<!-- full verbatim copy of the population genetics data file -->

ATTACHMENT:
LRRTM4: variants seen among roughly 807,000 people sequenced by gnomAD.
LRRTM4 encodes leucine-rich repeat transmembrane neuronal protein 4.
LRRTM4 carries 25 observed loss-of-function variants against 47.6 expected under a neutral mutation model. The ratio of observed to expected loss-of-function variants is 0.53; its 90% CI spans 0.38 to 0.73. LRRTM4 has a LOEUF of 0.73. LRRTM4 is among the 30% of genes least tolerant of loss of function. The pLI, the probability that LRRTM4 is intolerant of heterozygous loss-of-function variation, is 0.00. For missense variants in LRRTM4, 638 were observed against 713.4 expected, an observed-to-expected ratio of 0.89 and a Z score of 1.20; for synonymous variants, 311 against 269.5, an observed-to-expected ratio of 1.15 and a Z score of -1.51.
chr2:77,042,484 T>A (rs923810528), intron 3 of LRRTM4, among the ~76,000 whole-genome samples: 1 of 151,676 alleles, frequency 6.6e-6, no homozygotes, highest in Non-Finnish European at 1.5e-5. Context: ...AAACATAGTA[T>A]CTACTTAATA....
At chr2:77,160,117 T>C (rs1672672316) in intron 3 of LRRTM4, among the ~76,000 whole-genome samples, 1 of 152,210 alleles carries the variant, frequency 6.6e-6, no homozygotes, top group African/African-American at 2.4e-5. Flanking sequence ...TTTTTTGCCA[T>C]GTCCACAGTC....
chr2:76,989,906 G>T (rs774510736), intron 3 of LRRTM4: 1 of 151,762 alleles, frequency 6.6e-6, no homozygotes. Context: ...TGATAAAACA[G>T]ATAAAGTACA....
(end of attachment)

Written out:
LRRTM4: variants seen among roughly 807,000 people sequenced by gnomAD.
LRRTM4 encodes leucine-rich repeat transmembrane neuronal protein 4.
LRRTM4 carries 25 observed loss-of-function variants against 47.6 expected under a neutral mutation model. The ratio of observed to expected loss-of-function variants is 0.53; its 90% CI spans 0.38 to 0.73. LRRTM4 has a LOEUF of 0.73. LRRTM4 is among the 30% of genes least tolerant of loss of function. The pLI, the probability that LRRTM4 is intolerant of heterozygous loss-of-function variation, is 0.00. For missense variants in LRRTM4, 638 were observed against 713.4 expected, an observed-to-expected ratio of 0.89 and a Z score of 1.20; for synonymous variants, 311 against 269.5, an observed-to-expected ratio of 1.15 and a Z score of -1.51.
chr2:77,042,484 T>A (rs923810528), intron 3 of LRRTM4, among the ~76,000 whole-genome samples: 1 of 151,676 alleles, frequency 6.6e-6, no homozygotes, highest in Non-Finnish European at 1.5e-5. Context: ...AAACATAGTA[T>A]CTACTTAATA....
At chr2:77,160,117 T>C (rs1672672316) in intron 3 of LRRTM4, among the ~76,000 whole-genome samples, 1 of 152,210 alleles carries the variant, frequency 6.6e-6, no homozygotes, top group African/African-American at 2.4e-5. Flanking sequence ...TTTTTTGCCA[T>C]GTCCACAGTC....
chr2:76,989,906 G>T (rs774510736), intron 3 of LRRTM4: 1 of 151,762 alleles, frequency 6.6e-6, no homozygotes. Context: ...TGATAAAACA[G>T]ATAAAGTACA....